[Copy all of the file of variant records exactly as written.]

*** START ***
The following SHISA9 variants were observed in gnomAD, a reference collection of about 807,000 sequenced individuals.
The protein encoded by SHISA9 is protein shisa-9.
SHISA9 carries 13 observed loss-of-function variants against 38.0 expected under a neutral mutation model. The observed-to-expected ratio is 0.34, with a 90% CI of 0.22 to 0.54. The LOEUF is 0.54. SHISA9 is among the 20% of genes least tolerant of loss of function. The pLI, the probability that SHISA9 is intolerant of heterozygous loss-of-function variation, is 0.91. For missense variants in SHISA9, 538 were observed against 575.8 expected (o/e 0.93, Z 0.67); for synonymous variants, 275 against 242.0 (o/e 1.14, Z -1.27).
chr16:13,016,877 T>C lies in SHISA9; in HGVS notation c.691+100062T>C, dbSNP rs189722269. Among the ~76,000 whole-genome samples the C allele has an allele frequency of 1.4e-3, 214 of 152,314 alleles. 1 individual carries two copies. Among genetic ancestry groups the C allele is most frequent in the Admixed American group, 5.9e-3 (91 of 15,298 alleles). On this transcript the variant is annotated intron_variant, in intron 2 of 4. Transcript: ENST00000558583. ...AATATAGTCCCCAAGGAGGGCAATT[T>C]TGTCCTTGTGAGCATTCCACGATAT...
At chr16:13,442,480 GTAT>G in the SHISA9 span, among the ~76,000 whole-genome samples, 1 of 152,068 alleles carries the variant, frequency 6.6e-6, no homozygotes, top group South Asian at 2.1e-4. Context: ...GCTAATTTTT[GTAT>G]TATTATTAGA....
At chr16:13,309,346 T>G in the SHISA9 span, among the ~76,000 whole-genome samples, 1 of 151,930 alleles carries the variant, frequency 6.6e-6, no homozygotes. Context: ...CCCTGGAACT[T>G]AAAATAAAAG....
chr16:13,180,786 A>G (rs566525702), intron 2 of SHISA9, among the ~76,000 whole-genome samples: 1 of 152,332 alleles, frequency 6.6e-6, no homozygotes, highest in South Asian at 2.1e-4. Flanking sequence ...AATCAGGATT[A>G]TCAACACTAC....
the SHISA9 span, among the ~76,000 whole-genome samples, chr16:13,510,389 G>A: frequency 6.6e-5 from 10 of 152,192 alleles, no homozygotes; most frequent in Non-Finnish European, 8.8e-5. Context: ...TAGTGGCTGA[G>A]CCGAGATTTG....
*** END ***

The following SHISA9 variants were observed in gnomAD, a reference collection of about 807,000 sequenced individuals.
The protein encoded by SHISA9 is protein shisa-9.
SHISA9 carries 13 observed loss-of-function variants against 38.0 expected under a neutral mutation model. The observed-to-expected ratio is 0.34, with a 90% CI of 0.22 to 0.54. The LOEUF is 0.54. SHISA9 is among the 20% of genes least tolerant of loss of function. The pLI, the probability that SHISA9 is intolerant of heterozygous loss-of-function variation, is 0.91. For missense variants in SHISA9, 538 were observed against 575.8 expected (o/e 0.93, Z 0.67); for synonymous variants, 275 against 242.0 (o/e 1.14, Z -1.27).
chr16:13,016,877 T>C lies in SHISA9; in HGVS notation c.691+100062T>C, dbSNP rs189722269. Among the ~76,000 whole-genome samples the C allele has an allele frequency of 1.4e-3, 214 of 152,314 alleles. 1 individual carries two copies. Among genetic ancestry groups the C allele is most frequent in the Admixed American group, 5.9e-3 (91 of 15,298 alleles). On this transcript the variant is annotated intron_variant, in intron 2 of 4. Transcript: ENST00000558583. ...AATATAGTCCCCAAGGAGGGCAATT[T>C]TGTCCTTGTGAGCATTCCACGATAT...
At chr16:13,442,480 GTAT>G in the SHISA9 span, among the ~76,000 whole-genome samples, 1 of 152,068 alleles carries the variant, frequency 6.6e-6, no homozygotes, top group South Asian at 2.1e-4. Context: ...GCTAATTTTT[GTAT>G]TATTATTAGA....
At chr16:13,309,346 T>G in the SHISA9 span, among the ~76,000 whole-genome samples, 1 of 151,930 alleles carries the variant, frequency 6.6e-6, no homozygotes. Context: ...CCCTGGAACT[T>G]AAAATAAAAG....
chr16:13,180,786 A>G (rs566525702), intron 2 of SHISA9, among the ~76,000 whole-genome samples: 1 of 152,332 alleles, frequency 6.6e-6, no homozygotes, highest in South Asian at 2.1e-4. Flanking sequence ...AATCAGGATT[A>G]TCAACACTAC....
the SHISA9 span, among the ~76,000 whole-genome samples, chr16:13,510,389 G>A: frequency 6.6e-5 from 10 of 152,192 alleles, no homozygotes; most frequent in Non-Finnish European, 8.8e-5. Context: ...TAGTGGCTGA[G>A]CCGAGATTTG....